4. An over-enthusiastic nature. This induces the disciple to rush wildly forward in an effort to accomplish the indicated task, to prove to the Master his staunch determination, and to his fellow members in the Ashram his great usefulness. This enthusiasm can wreck designated projects, shorten the life of the disciple, and thus interfere with his karma and make him a source of amusement and concern to his group.

All these factors, and several others still more subtle, have to be taken into account by a Master, as well as the age, the background and the time cycles of the disciple.

I would point out to you, therefore, that it lies entirely in your own hands to increase your usefulness in the Ashram. If I were asked by you today what phase of your development should receive your attention, I would reply: Seek consciously and strenuously to overcome negativity. For you, a cultivated and conscious negativity has been an escape mechanism from the executive and administrative nature of your life. Your soul has forced you for decades into the position of an executive, superintending and administering agent. Basically, this ran counter to your natural inclination. Yet it was supremely necessary and educational. Once however you had fulfiled the duties and obligations entailed, and had successfully and adequately carried out your task (which you always did), your personality - shrinking and sensitive - took refuge in a negative attitude to people as a whole; you developed an insulation which made it difficult for you to set up any major relation with other people.

Yet, my brother, little as you may realize it, those relationships with others, and a positive interplay with those you contacted, were ever desired by the people you met; people [483] have always wanted to get closer to you; they have longed to know you better and to be of service and of moment to you. As an executive, you were ever available; as a soul, within a personality, you have lived your own life apart from others; you have not been easy to contact or to know; you were never responsive to approach, and your reactions to those who desired contact have been negative, and this at times when you yourself wanted closer rapport. Herein lies your task and your problem for the remaining years of your life. Learn, please, my brother, to be individually outgoing towards the people you meet and with whom life and circumstance bring you into . Break loose - hard though it may be - from the thought-forms which so powerfully condition you, based frequently upon an inferiority complex; refuse to permit the factors which so powerfully condition the trained, cultured person and the man who is the product of tradition, of good heritage and generations of civilized forbears to control you.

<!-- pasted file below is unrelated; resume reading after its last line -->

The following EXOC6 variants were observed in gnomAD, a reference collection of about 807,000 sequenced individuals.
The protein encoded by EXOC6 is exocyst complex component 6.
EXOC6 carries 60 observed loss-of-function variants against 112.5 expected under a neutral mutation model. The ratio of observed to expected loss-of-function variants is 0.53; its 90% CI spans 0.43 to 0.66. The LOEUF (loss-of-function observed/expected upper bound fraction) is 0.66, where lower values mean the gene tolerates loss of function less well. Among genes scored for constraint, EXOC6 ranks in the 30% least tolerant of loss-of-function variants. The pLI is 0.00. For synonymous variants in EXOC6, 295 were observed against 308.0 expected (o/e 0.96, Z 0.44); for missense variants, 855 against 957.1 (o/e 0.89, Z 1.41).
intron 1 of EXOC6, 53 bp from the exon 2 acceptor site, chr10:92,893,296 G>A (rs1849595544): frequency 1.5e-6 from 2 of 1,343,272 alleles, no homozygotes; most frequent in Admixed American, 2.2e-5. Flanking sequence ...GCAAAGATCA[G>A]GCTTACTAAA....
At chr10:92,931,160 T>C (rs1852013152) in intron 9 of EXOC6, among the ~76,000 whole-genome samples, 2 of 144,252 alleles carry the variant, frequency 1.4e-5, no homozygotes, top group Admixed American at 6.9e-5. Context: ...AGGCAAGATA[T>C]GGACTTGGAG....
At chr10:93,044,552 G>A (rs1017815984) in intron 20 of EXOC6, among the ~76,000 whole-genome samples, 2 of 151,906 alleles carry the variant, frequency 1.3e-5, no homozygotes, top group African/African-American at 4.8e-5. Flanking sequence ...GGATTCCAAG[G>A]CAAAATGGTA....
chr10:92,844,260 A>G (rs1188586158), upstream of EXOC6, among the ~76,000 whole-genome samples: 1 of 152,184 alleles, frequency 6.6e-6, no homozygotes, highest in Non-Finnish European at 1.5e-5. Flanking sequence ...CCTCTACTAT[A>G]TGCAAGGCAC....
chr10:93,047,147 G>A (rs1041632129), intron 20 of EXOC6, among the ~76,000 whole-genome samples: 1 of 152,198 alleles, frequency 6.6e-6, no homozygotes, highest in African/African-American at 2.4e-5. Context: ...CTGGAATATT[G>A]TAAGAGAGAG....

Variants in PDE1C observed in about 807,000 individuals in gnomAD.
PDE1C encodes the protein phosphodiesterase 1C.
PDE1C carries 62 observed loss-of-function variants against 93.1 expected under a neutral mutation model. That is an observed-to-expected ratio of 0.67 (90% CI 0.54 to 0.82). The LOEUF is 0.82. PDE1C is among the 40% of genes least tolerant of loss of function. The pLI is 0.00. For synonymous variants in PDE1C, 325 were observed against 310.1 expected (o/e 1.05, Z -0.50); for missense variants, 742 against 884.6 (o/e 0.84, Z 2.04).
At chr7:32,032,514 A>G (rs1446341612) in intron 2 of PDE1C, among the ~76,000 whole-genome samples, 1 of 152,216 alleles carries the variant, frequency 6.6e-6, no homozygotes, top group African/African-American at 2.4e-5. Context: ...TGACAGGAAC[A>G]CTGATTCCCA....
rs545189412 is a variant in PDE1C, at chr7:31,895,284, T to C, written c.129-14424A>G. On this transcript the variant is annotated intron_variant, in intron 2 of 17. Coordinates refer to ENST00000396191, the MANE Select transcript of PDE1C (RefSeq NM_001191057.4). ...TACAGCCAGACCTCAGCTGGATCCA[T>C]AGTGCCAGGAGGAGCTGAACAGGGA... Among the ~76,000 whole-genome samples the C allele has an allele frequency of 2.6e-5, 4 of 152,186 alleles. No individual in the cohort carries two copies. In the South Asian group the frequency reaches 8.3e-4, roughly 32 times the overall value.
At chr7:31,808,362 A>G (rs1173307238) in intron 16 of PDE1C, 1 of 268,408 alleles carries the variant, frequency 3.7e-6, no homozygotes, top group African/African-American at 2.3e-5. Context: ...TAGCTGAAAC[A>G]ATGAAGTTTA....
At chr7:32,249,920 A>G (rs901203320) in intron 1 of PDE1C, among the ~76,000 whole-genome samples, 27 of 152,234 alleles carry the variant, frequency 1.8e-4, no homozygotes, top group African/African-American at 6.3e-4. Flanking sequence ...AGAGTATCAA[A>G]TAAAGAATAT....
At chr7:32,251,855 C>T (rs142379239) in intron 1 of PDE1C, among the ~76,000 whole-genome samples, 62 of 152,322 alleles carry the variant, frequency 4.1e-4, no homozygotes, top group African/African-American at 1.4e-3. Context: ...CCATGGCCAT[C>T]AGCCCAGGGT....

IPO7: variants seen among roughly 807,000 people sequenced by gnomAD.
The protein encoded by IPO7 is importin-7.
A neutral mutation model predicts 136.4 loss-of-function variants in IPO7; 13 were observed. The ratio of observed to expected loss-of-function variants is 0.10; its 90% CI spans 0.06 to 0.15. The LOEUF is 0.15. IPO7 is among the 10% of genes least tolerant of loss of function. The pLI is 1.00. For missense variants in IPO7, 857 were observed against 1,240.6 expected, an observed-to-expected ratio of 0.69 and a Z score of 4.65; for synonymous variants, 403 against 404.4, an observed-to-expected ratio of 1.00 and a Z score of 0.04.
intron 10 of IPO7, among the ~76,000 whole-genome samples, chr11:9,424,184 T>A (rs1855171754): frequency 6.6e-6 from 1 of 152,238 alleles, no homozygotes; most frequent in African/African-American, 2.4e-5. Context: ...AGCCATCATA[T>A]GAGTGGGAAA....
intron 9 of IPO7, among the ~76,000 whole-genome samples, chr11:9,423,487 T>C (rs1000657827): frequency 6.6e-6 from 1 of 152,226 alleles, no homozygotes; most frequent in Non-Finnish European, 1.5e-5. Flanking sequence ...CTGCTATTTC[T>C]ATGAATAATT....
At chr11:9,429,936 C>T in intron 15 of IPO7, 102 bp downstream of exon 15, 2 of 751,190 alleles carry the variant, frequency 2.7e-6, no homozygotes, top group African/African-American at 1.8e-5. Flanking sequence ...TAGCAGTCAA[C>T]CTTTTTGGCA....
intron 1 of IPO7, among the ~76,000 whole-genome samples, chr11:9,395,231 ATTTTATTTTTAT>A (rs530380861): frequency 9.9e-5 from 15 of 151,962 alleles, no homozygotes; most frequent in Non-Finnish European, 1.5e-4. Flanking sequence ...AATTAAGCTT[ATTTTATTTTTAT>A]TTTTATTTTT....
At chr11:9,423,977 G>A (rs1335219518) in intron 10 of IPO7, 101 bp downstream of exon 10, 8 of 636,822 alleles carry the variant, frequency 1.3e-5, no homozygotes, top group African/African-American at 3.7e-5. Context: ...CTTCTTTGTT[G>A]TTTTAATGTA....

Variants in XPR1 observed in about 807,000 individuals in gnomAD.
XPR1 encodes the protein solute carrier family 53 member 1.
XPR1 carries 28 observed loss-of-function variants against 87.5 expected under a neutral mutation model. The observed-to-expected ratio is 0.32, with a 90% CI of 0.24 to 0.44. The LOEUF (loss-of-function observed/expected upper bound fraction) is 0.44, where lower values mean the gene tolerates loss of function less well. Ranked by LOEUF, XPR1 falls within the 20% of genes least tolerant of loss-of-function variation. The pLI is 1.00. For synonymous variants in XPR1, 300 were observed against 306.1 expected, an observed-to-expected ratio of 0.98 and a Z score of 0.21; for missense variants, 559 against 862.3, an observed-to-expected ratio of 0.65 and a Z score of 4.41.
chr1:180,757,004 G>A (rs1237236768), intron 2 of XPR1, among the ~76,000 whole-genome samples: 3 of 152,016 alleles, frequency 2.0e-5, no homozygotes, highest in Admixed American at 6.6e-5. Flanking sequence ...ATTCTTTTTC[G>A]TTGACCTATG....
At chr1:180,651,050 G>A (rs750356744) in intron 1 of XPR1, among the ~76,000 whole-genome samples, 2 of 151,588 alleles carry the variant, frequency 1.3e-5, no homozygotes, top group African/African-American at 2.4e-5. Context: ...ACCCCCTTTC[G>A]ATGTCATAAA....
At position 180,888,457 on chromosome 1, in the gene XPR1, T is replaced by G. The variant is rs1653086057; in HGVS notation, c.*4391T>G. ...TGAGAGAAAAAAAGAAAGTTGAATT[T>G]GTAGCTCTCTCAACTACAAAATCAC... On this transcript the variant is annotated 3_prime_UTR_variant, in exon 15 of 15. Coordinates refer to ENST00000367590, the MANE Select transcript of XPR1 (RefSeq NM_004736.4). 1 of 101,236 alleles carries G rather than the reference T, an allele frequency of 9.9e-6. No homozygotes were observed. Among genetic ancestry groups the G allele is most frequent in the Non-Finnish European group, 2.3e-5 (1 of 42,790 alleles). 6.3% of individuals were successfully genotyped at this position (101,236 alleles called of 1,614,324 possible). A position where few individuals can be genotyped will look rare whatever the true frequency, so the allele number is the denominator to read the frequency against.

Your work with children has also tended to set you apart and make you the victim of an enforced loneliness: You could ever be free and magnetic with them but they intruded not upon the entrenched and enforced fortress of your being. You must now fit yourself to teach adults in your next incarnation, and this will necessitate a different approach and one which will invoke and involve every aspect of your being. The disciple teaches principally by what he is and by giving all of himself to all whom he meets. He moves outward spontaneously when someone comes within range of his possibility of contact. This is almost unknown to you. The lesson, therefore, which the trained disciple has to master is one of discernment. He needs to learn discrimination in contact if he is to avoid a useless, if well intentioned, promiscuity.